The radar system will now be the primary control sensor going forward

Tesla has been hard at work refining its AutoPilot system after a number of AutoPilot-related accidents brought the automaker under fire. In August, we told you about AutoPilot 2.0 that would include new hardware and new software programming to the Model S, Model X, and Model 3. Then a couple of weeks later, Tesla announced an update that brought new safety restrictions to the system to help prevent drivers from becoming distracted while AutoPilot was engaged. Now, Tesla has announced yet another software update that focused around how the system sees the world using the built in Radar system found in each Tesla vehicle.

Every Tesla vehicle built since 2014 has had a radar system as standard equipment, but until now, that system has been secondary to the primary camera and image processing system. See, radar has limitations as it sees some things differently than we do. For instance, anything that is metallic – like a chrome bumper – can throw the system off. Something like the bottom of a beer can lying in the road can look much larger to a radar system. This obviously poses problems with the radar system being used as a primary system, but Tesla has found a workaround.

This newest update, dubbed Software 8.0, will use the radar system to take snapshots 10 times per second to create a 3D picture. By comparing these shots with one another, along with the car’s velocity and expected path, the system can determine whether or not something is a real obstacle and the probability of a collision. Furthermore, fleet learning comes into play as well. When a Tesla approaches an overpass with road signs, the system often sees this as something in the road. To tackle this, the system will take note of the potential obstacle and the driver’s reaction. This information is then sent to the cloud where it is compiled and analyzed. After so many passes, a certain area can be whitelisted as safe so that every Tesla vehicle driving through the area with AutoPilot engaged knows that the overpass is an overpass and not a truck in the road or some other obstacle. It should be noted that this part of the system will function whether AutoPilot is engaged or not.

Continue reading for the full story.

Prior to this update, the camera system was the primary eyeball of the AutoPilot system with radar being a supplement. Now, the roles are actually being reversed with radar being the primary method of vision for they system and the camera being the secondary set of eyes. Outside of what you’ve already read above, there are other enhancements to the system as well. Some of these enhancements include more prominent interface alerts, automated highway exiting on indicator activation or when navigation is enabled, improved lane change availability, and eventually – after enough data collection – autosteering will activate to avoid collisions as well. Curve speed adaption will now use fleet-learned roadway curvature, and the car will now offset in its lane when overtaking a slower vehicle that is close to its lane edge.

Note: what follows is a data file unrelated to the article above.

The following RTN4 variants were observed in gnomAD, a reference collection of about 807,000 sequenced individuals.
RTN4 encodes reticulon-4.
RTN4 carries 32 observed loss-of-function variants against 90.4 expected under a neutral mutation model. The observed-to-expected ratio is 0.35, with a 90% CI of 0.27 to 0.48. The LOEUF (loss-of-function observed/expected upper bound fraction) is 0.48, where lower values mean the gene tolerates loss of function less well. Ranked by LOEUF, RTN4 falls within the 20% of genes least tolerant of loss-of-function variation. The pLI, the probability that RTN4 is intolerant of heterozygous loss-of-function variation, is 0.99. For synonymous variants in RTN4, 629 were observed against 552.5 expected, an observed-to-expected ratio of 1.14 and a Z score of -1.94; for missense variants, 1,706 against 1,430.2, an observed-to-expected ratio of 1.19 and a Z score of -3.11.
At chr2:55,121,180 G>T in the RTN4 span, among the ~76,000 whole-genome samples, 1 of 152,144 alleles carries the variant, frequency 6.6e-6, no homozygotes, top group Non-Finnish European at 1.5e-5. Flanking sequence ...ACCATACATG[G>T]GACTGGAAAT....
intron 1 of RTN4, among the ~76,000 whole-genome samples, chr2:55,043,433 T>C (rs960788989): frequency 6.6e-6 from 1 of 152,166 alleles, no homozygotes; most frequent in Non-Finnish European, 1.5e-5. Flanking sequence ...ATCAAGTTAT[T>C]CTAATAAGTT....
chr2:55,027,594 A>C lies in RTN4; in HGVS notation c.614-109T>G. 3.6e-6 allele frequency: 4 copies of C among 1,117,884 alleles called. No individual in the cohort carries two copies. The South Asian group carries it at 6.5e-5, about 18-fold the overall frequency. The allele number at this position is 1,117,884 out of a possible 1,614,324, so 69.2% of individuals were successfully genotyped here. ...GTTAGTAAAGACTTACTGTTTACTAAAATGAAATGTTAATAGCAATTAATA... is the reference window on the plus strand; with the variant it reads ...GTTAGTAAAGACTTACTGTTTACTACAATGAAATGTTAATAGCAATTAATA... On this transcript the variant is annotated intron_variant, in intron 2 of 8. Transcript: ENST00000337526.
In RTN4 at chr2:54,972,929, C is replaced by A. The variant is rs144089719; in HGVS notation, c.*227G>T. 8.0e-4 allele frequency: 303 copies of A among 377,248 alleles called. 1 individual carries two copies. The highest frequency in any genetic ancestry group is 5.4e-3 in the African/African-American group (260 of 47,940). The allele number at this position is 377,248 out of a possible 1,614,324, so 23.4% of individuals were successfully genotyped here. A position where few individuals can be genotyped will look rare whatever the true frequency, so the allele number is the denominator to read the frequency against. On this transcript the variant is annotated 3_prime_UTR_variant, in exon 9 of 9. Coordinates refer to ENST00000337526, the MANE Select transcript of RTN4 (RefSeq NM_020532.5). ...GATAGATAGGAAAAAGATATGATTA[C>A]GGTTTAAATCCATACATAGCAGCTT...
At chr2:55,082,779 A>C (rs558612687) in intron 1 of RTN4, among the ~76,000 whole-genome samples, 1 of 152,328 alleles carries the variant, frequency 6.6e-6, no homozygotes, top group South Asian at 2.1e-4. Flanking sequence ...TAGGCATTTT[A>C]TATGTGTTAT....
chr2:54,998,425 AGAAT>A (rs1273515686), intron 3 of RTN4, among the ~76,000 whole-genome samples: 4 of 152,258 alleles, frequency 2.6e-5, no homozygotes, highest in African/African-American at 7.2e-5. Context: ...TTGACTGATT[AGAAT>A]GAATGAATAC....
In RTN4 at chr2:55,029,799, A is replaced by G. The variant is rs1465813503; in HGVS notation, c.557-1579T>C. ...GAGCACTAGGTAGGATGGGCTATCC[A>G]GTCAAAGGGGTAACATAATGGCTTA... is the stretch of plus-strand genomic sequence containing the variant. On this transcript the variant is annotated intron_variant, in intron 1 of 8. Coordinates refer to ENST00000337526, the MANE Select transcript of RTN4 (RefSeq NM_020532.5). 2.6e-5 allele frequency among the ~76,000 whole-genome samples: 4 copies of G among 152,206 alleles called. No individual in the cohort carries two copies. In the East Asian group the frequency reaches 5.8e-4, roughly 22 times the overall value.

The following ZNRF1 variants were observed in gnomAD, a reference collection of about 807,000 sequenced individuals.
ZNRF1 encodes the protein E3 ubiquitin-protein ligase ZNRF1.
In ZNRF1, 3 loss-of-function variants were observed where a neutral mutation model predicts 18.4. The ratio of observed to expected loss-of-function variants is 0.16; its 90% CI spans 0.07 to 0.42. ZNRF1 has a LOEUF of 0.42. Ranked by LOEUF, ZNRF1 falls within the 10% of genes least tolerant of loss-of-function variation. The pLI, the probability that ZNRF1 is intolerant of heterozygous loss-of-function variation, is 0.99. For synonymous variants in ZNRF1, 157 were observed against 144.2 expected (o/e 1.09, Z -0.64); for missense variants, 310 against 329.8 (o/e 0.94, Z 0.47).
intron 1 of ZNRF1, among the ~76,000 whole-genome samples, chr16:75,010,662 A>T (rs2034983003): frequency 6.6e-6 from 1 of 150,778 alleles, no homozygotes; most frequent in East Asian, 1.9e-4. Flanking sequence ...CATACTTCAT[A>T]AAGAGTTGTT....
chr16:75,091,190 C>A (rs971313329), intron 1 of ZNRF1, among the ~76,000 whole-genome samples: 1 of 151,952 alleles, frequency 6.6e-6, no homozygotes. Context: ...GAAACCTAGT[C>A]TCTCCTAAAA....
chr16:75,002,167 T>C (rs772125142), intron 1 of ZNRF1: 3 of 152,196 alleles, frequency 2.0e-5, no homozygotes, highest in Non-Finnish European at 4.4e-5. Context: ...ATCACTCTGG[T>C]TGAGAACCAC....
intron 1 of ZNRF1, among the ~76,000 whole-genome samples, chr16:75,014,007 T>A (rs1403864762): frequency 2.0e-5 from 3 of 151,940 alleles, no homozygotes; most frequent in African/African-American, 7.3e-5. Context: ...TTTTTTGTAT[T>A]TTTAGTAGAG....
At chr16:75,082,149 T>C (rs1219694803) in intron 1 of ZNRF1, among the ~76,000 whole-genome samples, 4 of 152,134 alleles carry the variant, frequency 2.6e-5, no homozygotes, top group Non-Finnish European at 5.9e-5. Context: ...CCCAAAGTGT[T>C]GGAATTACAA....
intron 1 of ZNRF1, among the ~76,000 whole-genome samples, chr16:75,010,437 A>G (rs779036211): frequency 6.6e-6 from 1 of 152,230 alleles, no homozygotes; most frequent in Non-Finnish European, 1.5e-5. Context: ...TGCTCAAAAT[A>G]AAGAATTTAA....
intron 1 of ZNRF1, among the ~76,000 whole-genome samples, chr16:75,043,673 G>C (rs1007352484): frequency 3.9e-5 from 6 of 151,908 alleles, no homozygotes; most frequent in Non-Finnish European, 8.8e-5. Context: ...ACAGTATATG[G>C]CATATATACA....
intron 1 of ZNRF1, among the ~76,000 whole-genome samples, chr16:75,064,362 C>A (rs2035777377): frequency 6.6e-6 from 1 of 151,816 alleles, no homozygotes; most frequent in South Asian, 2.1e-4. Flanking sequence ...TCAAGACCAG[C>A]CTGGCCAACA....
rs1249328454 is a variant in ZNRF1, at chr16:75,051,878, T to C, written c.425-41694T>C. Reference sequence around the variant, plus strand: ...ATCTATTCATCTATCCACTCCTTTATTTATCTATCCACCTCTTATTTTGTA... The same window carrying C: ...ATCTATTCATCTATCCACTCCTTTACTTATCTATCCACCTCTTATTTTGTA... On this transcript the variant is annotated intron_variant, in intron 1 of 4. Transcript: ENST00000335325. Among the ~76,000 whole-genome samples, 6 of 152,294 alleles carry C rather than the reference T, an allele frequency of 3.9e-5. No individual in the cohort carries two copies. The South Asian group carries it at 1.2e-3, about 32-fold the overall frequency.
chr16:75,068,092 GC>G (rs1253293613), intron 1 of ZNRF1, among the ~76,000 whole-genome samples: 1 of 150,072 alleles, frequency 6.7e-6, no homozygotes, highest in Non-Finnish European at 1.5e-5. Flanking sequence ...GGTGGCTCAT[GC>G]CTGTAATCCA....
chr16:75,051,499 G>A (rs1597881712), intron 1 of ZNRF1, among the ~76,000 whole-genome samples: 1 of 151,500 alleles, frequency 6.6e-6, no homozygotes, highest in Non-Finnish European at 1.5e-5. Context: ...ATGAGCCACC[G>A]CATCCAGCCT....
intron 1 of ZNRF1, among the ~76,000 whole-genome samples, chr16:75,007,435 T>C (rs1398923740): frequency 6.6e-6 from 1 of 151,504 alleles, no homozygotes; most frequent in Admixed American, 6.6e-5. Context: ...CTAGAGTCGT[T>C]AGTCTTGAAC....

All told, this update should eventually make the autopilot system safer. Of course, it will naturally get better as time goes on and more data is collected from all of the Tesla vehicles on the road. One of the bigger benefits of using radar as the primary system is that radar can see ahead of other vehicles on the road, as well as through fog, rain, snow, and the like. This means that Tesla vehicles can actually see obstacles far ahead of it and can brake ahead of time to avoid a collision even if the vehicle in front doesn’t see what is coming. To illustrate this a bit, think about accidents that occur during times of heavy fog. While a normal driver may not be able to see a car stopped in the middle of the road, a Tesla two vehicles back can and will react accordingly. If you’re interested in reading Tesla’s full announcement about the update, you can see it here.

What do you think about all of this? Is it a good step made by Tesla, or are you one of the many that think the system should be disabled until it can be perfected? Let us know in the comments section below.

Robert Moore
Editor-in-Chief and Automotive Expert -
Robert has been an auto enthusiast his entire life. He started working cars at a young age, learning the basics from his father in the home garage on the weekends. As time went on, Robert became more and more interested in cars and convinced his father to teach him how to drive when he was just 13 years old. Robert continued working on cars in his free time and learned as much as he could about engines, transmissions, and car electrical systems, something that only fed his curiosity more and eventually led him to earn a bachelors degree in automotive technology with a primary focus on engine performance and transmission rebuilding.  Read More
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